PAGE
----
In today’s society, prescription drug abuse has become a growing problem within the workplace. According to the National Institute on Drug Abuse, approximately 2.4 million Americans have misused prescription drugs. This can be attributed to ease of accessibility, doctors prescribing medications for more conditions, and the availability of prescribed drugs on the internet. As a result, prescription drug abuse has resulted in increased action being taken by law enforcement agencies, employers, and medical professionals.
In the Houston area, illegal pain clinics and independent pharmacies and physicians were found dispensing prescription pain medications illegally. Houston has become a leading market for prescription drug abuse as demonstrated in a pill mill raid involving 14 state and local agencies. Houston has since been described as a high intense drug trafficking area and continues to grow. Harris County has become one of the highest ranked areas for prescription drug related deaths.
Despite these alarming findings, there remains to be common misconceptions regarding prescription drug abuse. Although the majority of individuals are able to take their medications as prescribed. For others, prescription drug use can lead to addiction.
This can be a result of many factors contributing to an individual’s drug addiction. Some variables that may result in addiction include: family history, physical abuse, mental disorders, prior use of drugs, and the method by which the drugs are administered. Those who abuse prescription drugs oftentimes believe prescription drugs are safer than illegal drugs as they are prescribed by a licensed practitioner. However when prescription drugs are not used as prescribed, the result is often in drug abuse. Some common prescribed drugs that are oftentimes misused include painkillers, sedatives, and tranquilizers. Here are other categories of prescribed drugs that are often abused:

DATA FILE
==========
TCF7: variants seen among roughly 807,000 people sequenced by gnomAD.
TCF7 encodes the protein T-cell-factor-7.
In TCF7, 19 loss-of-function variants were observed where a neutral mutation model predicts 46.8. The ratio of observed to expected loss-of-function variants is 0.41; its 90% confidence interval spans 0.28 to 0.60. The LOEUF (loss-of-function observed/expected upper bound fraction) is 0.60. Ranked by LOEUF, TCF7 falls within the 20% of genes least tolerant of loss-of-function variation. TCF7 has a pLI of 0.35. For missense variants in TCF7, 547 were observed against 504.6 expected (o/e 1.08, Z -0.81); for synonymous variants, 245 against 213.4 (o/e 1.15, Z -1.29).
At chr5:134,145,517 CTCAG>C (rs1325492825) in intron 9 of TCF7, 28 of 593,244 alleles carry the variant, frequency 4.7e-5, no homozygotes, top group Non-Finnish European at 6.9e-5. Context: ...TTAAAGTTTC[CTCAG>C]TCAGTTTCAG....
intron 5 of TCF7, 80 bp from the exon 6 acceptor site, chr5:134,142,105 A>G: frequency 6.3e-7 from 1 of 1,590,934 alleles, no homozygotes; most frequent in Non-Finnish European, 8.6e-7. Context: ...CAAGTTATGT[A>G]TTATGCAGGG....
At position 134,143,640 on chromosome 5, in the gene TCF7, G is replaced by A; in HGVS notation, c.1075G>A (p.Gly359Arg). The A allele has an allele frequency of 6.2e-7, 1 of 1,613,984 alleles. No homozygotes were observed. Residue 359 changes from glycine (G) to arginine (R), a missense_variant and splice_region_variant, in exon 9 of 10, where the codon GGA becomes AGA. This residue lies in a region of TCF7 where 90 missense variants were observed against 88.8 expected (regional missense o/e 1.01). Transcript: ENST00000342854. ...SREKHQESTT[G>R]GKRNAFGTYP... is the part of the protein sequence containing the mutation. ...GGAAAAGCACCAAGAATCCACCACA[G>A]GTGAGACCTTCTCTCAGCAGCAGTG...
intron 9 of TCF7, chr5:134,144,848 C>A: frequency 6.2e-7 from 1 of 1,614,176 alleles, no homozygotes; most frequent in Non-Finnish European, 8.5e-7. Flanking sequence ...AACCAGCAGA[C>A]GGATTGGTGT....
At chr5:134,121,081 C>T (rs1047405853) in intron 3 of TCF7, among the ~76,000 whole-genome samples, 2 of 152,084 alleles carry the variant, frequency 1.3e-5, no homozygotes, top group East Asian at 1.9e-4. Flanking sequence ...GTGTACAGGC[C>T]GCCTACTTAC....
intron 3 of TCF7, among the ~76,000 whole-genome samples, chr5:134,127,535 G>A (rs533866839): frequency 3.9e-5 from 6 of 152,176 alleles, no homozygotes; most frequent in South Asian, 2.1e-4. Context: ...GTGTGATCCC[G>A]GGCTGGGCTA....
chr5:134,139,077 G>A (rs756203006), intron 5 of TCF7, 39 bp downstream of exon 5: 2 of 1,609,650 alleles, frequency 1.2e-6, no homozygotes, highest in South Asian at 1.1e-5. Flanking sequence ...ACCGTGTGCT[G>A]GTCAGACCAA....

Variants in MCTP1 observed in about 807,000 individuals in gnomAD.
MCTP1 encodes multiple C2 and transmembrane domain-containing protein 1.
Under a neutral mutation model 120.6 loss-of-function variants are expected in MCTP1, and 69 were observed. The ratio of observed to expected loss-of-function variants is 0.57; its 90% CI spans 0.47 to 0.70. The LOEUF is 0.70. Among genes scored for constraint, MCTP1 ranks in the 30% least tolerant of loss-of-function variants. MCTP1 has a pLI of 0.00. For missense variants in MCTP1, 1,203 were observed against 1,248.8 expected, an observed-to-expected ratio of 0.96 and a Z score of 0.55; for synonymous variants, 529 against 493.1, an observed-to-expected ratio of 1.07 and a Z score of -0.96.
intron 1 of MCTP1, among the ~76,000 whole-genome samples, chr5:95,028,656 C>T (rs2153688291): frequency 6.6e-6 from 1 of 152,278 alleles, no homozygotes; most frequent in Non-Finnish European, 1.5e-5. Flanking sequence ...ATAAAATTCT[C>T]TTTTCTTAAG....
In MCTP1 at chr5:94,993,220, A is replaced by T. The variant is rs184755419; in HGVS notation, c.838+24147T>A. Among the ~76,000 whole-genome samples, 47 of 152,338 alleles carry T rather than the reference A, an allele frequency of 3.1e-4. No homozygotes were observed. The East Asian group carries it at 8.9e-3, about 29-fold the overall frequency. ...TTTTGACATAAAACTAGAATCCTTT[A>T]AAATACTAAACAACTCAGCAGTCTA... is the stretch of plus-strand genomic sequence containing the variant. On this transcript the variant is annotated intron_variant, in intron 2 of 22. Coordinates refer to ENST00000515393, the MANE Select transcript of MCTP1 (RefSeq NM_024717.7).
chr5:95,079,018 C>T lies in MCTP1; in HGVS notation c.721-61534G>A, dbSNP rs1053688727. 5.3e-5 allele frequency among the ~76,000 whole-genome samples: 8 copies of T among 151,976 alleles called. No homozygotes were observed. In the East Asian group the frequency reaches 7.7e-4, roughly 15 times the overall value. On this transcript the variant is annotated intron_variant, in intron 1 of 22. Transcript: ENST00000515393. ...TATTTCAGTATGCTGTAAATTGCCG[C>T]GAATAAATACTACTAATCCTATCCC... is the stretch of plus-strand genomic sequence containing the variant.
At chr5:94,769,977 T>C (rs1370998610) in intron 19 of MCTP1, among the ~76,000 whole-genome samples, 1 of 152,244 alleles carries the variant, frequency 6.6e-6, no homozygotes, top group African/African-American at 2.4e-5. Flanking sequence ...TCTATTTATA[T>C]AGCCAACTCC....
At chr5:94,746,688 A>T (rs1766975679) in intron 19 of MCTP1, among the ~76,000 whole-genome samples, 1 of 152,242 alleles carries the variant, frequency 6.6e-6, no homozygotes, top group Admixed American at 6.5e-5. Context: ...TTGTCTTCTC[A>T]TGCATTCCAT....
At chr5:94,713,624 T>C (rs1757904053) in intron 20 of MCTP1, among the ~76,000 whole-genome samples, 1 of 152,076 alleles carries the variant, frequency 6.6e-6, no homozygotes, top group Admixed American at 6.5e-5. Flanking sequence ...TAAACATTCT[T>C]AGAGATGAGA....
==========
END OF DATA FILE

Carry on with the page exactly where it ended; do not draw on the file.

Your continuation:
Depressants – Barbiturates, Benzodiazepines, Sleep Medications
Opioids and Morphine Derivatives – Codeine, Morphine, Oxycotin, Methadone, Fentanyl & Analogs
Stimulants – Amphetamines, Methylphenidate
These forms of drugs treat medical conditions such as depression, attention deficit hyperactivity disorder, sleep disorders, anxiety, pain, and obesity.
Signs an Employee is Abusing Prescription Drugs
There are many signs to look for to determine if an employee may be abusing their prescription drugs:
- Changes in Personality -Oftentimes, an individual that is abusing prescribed drugs will have changes in their mood and how they interact with others.
- Recurring Injuries or Illnesses -This is another common indicator an employee may be abusing drugs. This is further supported when an employee provides a vague explanation of their condition or have unexplained recurrences of injuries, illnesses, and pain.
- Psychological Problems– Issues associated with psychological problems to include erratic behaviors, inability to focus or struggles with comprehension, hyperactivity, irritability, and paranoia are common indicators of drug abuse.
- Physical Appearance– Changes in an employee’s physical appearance such as weight loss, hygiene, sweating, chills, and fatigue can be associated with prescription drug use.
- Neglecting Responsibilities - Decreasing performance, increased absences, and tardiness are signs an employee may be struggling with drug addiction.
State law enforcement agencies have partnered with the Drug Enforcement Administration in implementing initiatives such as the pill return initiative in which individuals are able to anonymously return prescribed drugs. Education has also become essential in eliminating this problem.
Law enforcement agencies are implementing programs to educate communities on how to properly dispose of unwanted and expired prescription drugs. Today, across the US, free prescription drug drop off is available.